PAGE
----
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Old 10-04-2016, 04:04 PM   #16
travis82
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@Sefid par

First: Salam hamshahri.
Second: Glad to see another Slackware user from my hometown.
Third: I'm living in Karaj and I have to use IP changers for LQ as well. Unfortunately this is a problem we should live with.
Forth: Don't bother your mind for GPL. That's utter BS in real world.

Cheers

Last edited by travis82; 10-04-2016 at 04:23 PM.
 
Old 10-04-2016, 06:03 PM   #17
jamison20000e
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Your forth point doesn't come across; a GPL is simply a licence agreement for freedom, a concept not truly supported by most governments, corporations or money\power in general?
 
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Old 06-12-2017, 04:41 AM   #18
Sefid par
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Our IP still is blocked.
It would be appreciated if I could open LQ without IP changer. Most of IP changers don't work all the time.
I ask masters and managers help me find a way to open this lock.

Quote:
Originally Posted by travis82 View Post
@Sefid par

First: Salam hamshahri.
Second: Glad to see another Slackware user from my hometown.
Third: I'm living in Karaj and I have to use IP changers for LQ as well. Unfortunately this is a problem we should live with.
Forth: Don't bother your mind for GPL. That's utter BS in real world.

Cheers
Why are you so hopeless. I think a Linux man is always hopeful.

Last edited by Sefid par; 06-12-2017 at 04:43 AM.
 
Old 06-12-2017, 08:46 AM   #19
jamison20000e
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Quote:
Iran: From Free Internet to Free Internet
By MohammadReza Azali - Mar 8, 2016
Iran’s government is aiming to bring free of charge internet for its people. Apart from that, government officials are changing their point of view about internet censorship. They believe that the aim should be towards suitable content, instead of limiting people’s access.

Censorship Is Not the Way, Culture is the key

Mahmoud Vaezi, Minister of Communications said that Iranians are all responsible for inappropriate contents on the web, and It’s not only the government’s responsibility to work on this issue but it’s people’s too. Vaezi believes that internet has good and bad aspects, but it’s the people who would decide how use the content. “In all societies in the world we have good and bad things, so we can’t say we should only have the good things on the web. We have to increase the public awareness to solve this issue,” said Vaezi on the second National Conference on Clean Cyberspace.

Vaezi also compared the physical world with the digital world and said that the society should make its way into digital world in every aspect that it can. He also mentioned that the government should work on the educational system to teach the related subjects on cyberspace. “If we want to censor a website for only 10 to 15 percent explicit materials we would encounter problems,” Vaezi added. In the past few years, government has been trying to work on the cultural side instead of limiting people’s access to the internet. So we can hope by developing the culture, we would have more free internet, and enough suitable content for people to pay less attention to explicit materials. But at the end, it doesn’t mean that the government would stop its “Smart Filtering” or in other word “Smart Censorship”.
Right now Smart Filtering is on its third phase which means the government would move its censorship from the country’s main internet gateway to ISPs and universities. This process has been started since a week ago. By implementing this method internet speed would improve, and on the other hand the censorship would depend on the users (such as university and public users).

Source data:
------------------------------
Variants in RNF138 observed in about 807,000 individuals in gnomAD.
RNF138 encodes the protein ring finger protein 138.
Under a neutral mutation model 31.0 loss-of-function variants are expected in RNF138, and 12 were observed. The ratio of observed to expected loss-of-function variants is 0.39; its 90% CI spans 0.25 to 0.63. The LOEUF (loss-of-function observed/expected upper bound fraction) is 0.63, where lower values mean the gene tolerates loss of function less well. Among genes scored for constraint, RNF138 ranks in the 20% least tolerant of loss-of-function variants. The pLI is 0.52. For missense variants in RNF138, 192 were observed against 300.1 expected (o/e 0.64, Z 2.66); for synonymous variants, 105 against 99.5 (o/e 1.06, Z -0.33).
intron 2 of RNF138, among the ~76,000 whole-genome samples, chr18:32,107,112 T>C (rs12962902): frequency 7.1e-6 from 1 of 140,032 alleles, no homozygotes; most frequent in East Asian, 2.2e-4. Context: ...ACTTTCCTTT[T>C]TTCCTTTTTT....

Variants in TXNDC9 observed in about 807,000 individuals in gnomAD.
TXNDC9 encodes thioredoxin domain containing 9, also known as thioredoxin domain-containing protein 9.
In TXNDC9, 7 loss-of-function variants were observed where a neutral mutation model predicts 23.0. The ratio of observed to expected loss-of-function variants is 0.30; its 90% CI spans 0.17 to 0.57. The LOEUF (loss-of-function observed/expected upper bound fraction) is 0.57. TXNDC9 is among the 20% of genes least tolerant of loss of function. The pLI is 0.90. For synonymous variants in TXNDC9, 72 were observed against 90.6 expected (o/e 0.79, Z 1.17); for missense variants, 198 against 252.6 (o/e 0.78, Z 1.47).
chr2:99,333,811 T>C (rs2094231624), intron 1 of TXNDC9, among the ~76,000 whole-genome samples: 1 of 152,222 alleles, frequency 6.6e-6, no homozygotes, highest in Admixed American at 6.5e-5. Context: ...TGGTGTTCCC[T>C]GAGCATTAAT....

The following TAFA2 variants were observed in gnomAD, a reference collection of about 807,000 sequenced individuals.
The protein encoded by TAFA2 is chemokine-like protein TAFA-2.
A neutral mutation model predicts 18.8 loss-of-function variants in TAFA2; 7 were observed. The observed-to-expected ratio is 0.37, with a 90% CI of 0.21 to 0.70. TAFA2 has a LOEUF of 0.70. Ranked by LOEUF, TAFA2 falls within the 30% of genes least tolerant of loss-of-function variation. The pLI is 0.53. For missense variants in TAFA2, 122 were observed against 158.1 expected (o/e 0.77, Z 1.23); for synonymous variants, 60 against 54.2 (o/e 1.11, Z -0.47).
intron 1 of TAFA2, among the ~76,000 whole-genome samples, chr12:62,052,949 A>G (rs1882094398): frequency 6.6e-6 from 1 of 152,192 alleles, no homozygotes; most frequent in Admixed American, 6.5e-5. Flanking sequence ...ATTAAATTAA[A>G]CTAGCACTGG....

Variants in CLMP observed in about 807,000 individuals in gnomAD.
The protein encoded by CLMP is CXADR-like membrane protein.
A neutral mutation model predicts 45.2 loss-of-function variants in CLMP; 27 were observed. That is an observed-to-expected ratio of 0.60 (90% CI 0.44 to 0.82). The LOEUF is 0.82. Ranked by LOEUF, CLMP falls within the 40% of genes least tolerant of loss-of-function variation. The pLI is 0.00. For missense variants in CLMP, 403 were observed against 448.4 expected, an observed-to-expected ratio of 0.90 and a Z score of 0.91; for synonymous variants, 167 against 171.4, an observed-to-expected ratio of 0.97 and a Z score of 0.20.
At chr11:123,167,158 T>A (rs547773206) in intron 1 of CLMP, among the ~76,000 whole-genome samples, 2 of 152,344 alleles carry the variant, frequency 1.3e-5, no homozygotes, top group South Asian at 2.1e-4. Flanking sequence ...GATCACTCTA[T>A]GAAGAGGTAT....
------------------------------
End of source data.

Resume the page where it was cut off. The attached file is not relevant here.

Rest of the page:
Internet Free of Charge

There were also some talks on free internet in the second National Conference on Clean Cyberspac. Secretary of the Supreme Council of Cyberspace said that in Iran people still pay for internet based on the data usage. “This is an old way of calculating internet costs and other countries are providing internet for their people nearly free of charge,” said Abolhassan Firouzabadi. Firouzabadi also stated that the bandwidth capacity on cellular networks is limited, so the amount of data that is being transferred is important. But in Fiber Optic networks the amount of data that has been transferred does not matter. “We had good initiatives in the past few months for starting National Information Network, but we should have started it sooner and I hope we accelerate the development even faster,” added Firouzabadi.

Overall, the government is putting more energy on improving internet access and internet penetration, we hope to see these initiatives turn into reality very soon.
--http://techrasa.com/2016/03/08/iran-from-free-internet-to-free-internet/

Wonder if satellite internet would work for you, not necessarily a provider (that may still be governed) tho would be cheaper than a satellite internet device?

Or, I suggest finding forums that don't have rules like LQs not allowing many here to tell you how to brake you "governments" silly "laws..." http://www.sc.edu/beaufort/library/p...es/bones.shtml
 
Old 06-12-2017, 11:19 AM   #20
scasey
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Quote:
Originally Posted by Sefid par View Post
How ever US tried ban the most profiting websites. I think most of them are from Oracle (Like android and the websites from Google).
AFAIK, there is no "US" banning of anything. Certainly, I get copious spam from Iran (and China, and India), which *I* choose to block/ban email from (my server, my rules)...mostly because I have no customers that do business with anyone in those (and several other) countries. However, absent other issues, I only block email.
 
Old 06-12-2017, 11:50 AM   #21
Sefid par
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Quote:
Originally Posted by scasey View Post
AFAIK, there is no "US" banning of anything. Certainly, I get copious spam from Iran (and China, and India), which *I* choose to block/ban email from (my server, my rules)...mostly because I have no customers that do business with anyone in those (and several other) countries. However, absent other issues, I only block email.
Thanks for your sincere answer. This is true. There are some reasons. One is that Iranian people (and maybe China, I do not know) use cracked software (Not Linux and GNU licensed software) and I think the cracked software is a place to make small or big attacks/spams.